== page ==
For a Benjaminian still linked to the “classical” revolutionary Marxist tradition, like Daniel Bensaïd, the challenge to be faced was similar in form, despite the substantial historical differences between the 1920s and 30s and the 1980s and 90s. after all, apprehend without doctrinal obstacles the reasons for defeat. It is in this context that the Benjaminian affinities of Daniel Bensaïd and Michael Löwy blossom: both found in Benjamin an intellectual and political compass to guide them through the changes they faced, among which the decline of the figure of the engaged intellectual, denounced as a benevolent accomplice of totalitarianisms of all kinds.

For this very reason, as the reader will be able to observe, Michael Löwy will be a constant presence in this book. Firstly, because the doctoral thesis, defended in 2016, also covered the trajectory of Michael Löwy, an author on whom he had already worked in his master's degree. But, more fundamentally, because the comparison with Michael Löwy allows us to apprehend in a more detailed way the dynamics and changes in Daniel Bensaïd's intellectual itinerary, as if the course of one mirrored the other, in a contrast in which both are intertwined as “vessels communicantes” in search of the renewal of a tradition that they refuse to abandon, nor to simply celebrate.

An intellectual in combat at a time that was unfavorable to him, Daniel Bensaïd was “on the left of the possible” – a designation he used with regard to Benjamin – not because he was content to place himself on the left of a possibility that was pre-defined in advance, but because he had established as one of the tasks of the engaged intellectual that of contributing to the expansion of what is defined by the left as the space of the possible. To the “sense of the real”, absolutized by the positivists, Daniel Bensaïd adds the “sense of the possible”, in the terms of the Austrian writer Robert Musil, whom he admired and quoted. Like the Baudelairean ragpicker, under the vertigo of the crowd, Daniel Bensaïd recognizes the prevailing collective malaise, but, at the same time, senses in this indeterminate atmosphere the possibility of a new radical-democratic and, for that very reason, anti-capitalist invention.

In light of the aforementioned general objectives, the book is divided into three parts, covering, respectively, the before, during and after the active incorporation, by Daniel Bensaïd, of Benjamin's reflection on history, in the midst of political and cultural transformations of the period. Thus, if the first part deals with Bensaïd's intellectual and political journey in the 1960s, 1970s and mid-1980s, the second part aims to understand the different conditions that, together, explain the Benjaminian inflection through which the French philosopher from the late 1980s.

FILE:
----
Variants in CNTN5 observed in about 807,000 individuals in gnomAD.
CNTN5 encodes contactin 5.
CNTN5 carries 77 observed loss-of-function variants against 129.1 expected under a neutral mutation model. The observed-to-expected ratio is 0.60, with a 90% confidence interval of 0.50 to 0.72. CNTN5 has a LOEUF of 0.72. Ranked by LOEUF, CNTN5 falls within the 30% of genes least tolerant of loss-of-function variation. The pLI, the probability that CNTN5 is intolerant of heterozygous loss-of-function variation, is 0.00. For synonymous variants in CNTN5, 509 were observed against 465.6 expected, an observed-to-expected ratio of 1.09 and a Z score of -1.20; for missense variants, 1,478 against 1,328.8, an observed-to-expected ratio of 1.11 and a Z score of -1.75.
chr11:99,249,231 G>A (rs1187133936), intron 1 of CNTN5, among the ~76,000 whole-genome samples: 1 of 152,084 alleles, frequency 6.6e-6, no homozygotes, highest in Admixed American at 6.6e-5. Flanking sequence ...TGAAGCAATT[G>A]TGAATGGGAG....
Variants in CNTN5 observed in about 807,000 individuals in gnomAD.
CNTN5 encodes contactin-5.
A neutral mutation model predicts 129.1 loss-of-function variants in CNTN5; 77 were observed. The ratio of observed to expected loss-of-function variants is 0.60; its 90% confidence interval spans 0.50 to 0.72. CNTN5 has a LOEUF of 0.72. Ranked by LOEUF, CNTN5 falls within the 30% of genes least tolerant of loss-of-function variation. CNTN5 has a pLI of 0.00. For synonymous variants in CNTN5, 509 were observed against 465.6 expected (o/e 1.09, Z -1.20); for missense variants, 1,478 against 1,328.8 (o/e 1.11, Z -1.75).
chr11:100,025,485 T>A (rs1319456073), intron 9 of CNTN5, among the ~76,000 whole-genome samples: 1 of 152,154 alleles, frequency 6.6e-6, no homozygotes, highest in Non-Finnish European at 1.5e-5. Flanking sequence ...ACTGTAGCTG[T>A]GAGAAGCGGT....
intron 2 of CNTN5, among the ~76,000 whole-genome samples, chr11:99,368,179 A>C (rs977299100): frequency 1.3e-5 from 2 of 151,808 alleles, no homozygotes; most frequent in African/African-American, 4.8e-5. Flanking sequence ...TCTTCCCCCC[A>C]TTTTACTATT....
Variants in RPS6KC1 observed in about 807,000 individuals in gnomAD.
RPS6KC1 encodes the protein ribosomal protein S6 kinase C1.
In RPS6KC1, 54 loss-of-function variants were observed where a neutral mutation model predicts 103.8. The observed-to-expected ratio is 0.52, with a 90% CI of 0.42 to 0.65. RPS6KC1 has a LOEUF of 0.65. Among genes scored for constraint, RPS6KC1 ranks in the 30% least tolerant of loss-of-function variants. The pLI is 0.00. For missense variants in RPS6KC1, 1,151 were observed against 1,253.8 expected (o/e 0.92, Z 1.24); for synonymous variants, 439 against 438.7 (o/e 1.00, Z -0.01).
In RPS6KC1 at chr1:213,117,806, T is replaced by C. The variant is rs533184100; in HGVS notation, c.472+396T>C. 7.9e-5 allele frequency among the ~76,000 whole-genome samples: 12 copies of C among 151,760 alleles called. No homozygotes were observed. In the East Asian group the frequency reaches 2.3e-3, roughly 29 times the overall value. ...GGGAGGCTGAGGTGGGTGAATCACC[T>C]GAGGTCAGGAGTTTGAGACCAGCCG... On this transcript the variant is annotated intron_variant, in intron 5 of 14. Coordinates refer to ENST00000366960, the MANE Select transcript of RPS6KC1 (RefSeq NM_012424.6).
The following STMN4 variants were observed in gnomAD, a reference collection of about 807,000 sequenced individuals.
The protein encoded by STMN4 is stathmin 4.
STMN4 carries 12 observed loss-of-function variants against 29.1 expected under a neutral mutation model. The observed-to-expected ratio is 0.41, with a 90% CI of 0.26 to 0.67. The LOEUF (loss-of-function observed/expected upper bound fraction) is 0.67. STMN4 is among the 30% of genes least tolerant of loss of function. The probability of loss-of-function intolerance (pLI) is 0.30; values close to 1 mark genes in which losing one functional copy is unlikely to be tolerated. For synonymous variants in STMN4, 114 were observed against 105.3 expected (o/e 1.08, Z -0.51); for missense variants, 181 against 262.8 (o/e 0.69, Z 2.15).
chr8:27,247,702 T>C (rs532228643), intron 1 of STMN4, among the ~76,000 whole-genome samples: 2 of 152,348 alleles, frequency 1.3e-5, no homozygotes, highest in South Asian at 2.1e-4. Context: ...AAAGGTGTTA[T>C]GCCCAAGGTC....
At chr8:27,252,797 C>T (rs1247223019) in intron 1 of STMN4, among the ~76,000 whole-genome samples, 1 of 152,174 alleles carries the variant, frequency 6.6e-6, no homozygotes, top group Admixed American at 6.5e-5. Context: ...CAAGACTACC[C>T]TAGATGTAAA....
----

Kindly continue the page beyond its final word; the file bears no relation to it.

For this, in addition to the analysis of the texts (by Bensaïd) and the contexts (of the time), the book explores some aspects of the intellectual trajectory, as well as the reception of Walter Benjamin's work throughout the second half of the XNUMXth century, in order to find there the specificity of Bensaïde's interpretation.

Finally, in the third and last part of the book, the consequences of this inflection in Daniel Bensaïd's itinerary from the 1990s and 2000s until his relatively early death, in 2010, aged 63, are analyzed. Special emphasis is given to the way in which, in this scenario, Daniel Bensaïd used the Benjaminian reference as a guide for an intellectual repositioning seen as necessary in a context marked by the narrowing of the horizon of expectations.

A repositioning that gained new forms and dimensions from the end of 1995, with the victorious social movement against the social security reform proposed by the liberal-conservative government led by Jacques Chirac (president) and Alain Juppé (prime minister). From then on, Daniel Bensaïd opened new fronts for intervention, establishing a dialogue not only with different strands of Marxism, but also with political philosophy and critical sociology. At the center of his concerns was the need for a reactivation under new political bases, of the “profane politics of the oppressed”, as he would say, in a Benjaminian key, in opposition to both economic totalitarianism and identity and/or religious setbacks.

Fabio Mascaro Dear Professor at the Department of Sociology at Unicamp.

Reference


Fabio Mascaro Dear. Daniel Bensaïd: intellectual in combat. Belo Horizonte, Fino Traço, 2022, 272 pages.
https://amzn.to/3P2wkSH